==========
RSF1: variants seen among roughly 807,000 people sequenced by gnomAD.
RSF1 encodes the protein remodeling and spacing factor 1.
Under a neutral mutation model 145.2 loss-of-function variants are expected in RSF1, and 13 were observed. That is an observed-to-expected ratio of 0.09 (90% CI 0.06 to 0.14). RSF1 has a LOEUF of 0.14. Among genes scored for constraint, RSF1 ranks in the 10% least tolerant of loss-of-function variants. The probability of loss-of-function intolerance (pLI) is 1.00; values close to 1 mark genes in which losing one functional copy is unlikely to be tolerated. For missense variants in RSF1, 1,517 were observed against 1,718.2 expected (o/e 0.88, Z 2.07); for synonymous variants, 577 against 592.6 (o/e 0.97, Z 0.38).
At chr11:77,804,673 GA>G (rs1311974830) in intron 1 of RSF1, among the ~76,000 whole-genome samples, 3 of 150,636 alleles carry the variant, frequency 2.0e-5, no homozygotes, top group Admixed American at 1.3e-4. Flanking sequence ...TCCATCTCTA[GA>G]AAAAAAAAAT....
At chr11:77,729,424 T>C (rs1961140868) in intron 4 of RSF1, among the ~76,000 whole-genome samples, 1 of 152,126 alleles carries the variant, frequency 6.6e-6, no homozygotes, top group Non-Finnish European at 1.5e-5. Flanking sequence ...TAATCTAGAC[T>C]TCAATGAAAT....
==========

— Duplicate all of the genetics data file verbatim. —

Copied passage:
RSF1: variants seen among roughly 807,000 people sequenced by gnomAD.
RSF1 encodes the protein remodeling and spacing factor 1.
Under a neutral mutation model 145.2 loss-of-function variants are expected in RSF1, and 13 were observed. That is an observed-to-expected ratio of 0.09 (90% CI 0.06 to 0.14). RSF1 has a LOEUF of 0.14. Among genes scored for constraint, RSF1 ranks in the 10% least tolerant of loss-of-function variants. The probability of loss-of-function intolerance (pLI) is 1.00; values close to 1 mark genes in which losing one functional copy is unlikely to be tolerated. For missense variants in RSF1, 1,517 were observed against 1,718.2 expected (o/e 0.88, Z 2.07); for synonymous variants, 577 against 592.6 (o/e 0.97, Z 0.38).
At chr11:77,804,673 GA>G (rs1311974830) in intron 1 of RSF1, among the ~76,000 whole-genome samples, 3 of 150,636 alleles carry the variant, frequency 2.0e-5, no homozygotes, top group Admixed American at 1.3e-4. Flanking sequence ...TCCATCTCTA[GA>G]AAAAAAAAAT....
At chr11:77,729,424 T>C (rs1961140868) in intron 4 of RSF1, among the ~76,000 whole-genome samples, 1 of 152,126 alleles carries the variant, frequency 6.6e-6, no homozygotes, top group Non-Finnish European at 1.5e-5. Flanking sequence ...TAATCTAGAC[T>C]TCAATGAAAT....